My research focuses on the development of deep learning algorithms for the automatic classification of cytoarchitectonic areas in high-resolution microscopy images of histological human brain sections.
The human brain can be subdivided into cytoarchitectonic areas, defined by the spatial organization of neuronal cells, including their distribution, size, type, orientation, as well as their arrangement into distinct cortical layers and columns. Cytoarchitectonic areas are indicators of brain connectivity and function, making them an important microstructural reference for multi-modal brain atlases. They can be analyzed based on high-resolution microscopic scans of histological brain sections, obtained by cutting postmortem human brains into thin slices and staining them for cell bodies.
The large inter-individual variability between brains necessitates the analysis of multiple brains to obtain a general picture of the human cytoarchitectonic organization. Modern high-throughput scanners allow large-scale acquisition of microscopic image data, but established cytoarchitecture analysis methods are not suitable for handling the resulting large amounts of data. This motivates the development of methods for automated cytoarchitecture analysis based on deep learning.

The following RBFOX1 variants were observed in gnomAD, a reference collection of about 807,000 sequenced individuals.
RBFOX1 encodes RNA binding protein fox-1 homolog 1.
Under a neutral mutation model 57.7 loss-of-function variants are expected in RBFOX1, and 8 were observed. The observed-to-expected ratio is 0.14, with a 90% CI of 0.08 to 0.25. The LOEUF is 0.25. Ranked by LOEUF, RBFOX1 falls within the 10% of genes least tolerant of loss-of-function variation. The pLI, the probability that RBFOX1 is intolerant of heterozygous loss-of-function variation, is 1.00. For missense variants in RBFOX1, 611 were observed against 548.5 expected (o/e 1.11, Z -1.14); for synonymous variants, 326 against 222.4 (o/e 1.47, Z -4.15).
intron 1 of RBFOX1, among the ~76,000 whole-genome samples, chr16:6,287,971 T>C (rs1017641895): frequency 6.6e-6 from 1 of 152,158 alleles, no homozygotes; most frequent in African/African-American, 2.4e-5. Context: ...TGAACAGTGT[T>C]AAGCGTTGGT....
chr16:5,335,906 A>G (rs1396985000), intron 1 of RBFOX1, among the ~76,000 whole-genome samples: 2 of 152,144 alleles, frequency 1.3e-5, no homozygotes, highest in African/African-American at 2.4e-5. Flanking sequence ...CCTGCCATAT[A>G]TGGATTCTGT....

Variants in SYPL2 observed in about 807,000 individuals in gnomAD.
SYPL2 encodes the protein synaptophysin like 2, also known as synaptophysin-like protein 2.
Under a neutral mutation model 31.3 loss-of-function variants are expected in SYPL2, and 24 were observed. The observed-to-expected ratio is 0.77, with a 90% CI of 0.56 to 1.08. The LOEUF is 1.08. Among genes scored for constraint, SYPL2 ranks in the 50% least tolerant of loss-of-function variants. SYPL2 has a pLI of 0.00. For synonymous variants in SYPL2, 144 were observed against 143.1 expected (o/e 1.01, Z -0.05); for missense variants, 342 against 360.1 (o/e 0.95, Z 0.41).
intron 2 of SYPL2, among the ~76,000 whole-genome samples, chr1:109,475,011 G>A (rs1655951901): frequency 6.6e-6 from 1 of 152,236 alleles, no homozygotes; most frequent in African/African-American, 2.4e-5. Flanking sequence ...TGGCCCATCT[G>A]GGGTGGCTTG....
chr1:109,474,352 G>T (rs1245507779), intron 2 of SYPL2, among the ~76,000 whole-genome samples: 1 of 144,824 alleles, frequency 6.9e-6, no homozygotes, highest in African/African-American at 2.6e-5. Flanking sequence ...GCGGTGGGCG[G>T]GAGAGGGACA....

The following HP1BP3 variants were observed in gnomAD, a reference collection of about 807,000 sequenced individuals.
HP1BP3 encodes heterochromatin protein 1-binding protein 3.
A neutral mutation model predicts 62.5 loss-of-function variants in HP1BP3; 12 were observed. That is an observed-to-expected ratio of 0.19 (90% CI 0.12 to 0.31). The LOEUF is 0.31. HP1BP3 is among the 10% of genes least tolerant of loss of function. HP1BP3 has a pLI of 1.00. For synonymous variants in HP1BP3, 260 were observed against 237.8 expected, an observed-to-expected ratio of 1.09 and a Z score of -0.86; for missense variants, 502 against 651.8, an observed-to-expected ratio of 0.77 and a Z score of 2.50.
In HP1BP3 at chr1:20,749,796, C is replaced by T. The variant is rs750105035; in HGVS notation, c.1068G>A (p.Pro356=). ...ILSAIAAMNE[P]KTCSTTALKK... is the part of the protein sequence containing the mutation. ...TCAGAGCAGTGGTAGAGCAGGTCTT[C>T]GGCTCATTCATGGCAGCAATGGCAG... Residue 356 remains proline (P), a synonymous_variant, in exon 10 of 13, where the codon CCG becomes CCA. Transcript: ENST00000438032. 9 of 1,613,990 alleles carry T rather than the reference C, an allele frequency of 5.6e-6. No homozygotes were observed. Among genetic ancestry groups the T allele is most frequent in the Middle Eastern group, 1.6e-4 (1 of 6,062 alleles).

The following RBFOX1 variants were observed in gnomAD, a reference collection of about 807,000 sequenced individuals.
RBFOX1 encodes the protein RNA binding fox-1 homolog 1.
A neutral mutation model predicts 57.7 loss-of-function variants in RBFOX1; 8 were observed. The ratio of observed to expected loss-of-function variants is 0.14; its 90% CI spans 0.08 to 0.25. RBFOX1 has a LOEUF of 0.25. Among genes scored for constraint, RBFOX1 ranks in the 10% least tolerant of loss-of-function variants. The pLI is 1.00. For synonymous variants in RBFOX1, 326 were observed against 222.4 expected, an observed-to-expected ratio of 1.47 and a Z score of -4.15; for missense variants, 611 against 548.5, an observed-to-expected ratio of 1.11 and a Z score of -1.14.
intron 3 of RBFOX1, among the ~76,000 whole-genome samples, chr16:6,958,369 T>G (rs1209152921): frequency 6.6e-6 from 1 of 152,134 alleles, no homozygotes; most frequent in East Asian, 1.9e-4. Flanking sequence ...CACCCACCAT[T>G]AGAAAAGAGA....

I develop deep learning methods to extract meaningful microstructural features from high-resolution microscopic images, which provide the foundation for automatic cytoarchitecture classification and the development of novel data-driven brain parcellations. I use contrastive learning with convolutional neural networks to extract cytoarchitectonic features, and apply graph neural networks to integrate learned features with 3D brain topology. In addition, I develop HPC workflows to handle large amounts of image data, and develop applications that provide users a way to interactively apply the developed deep learning methods.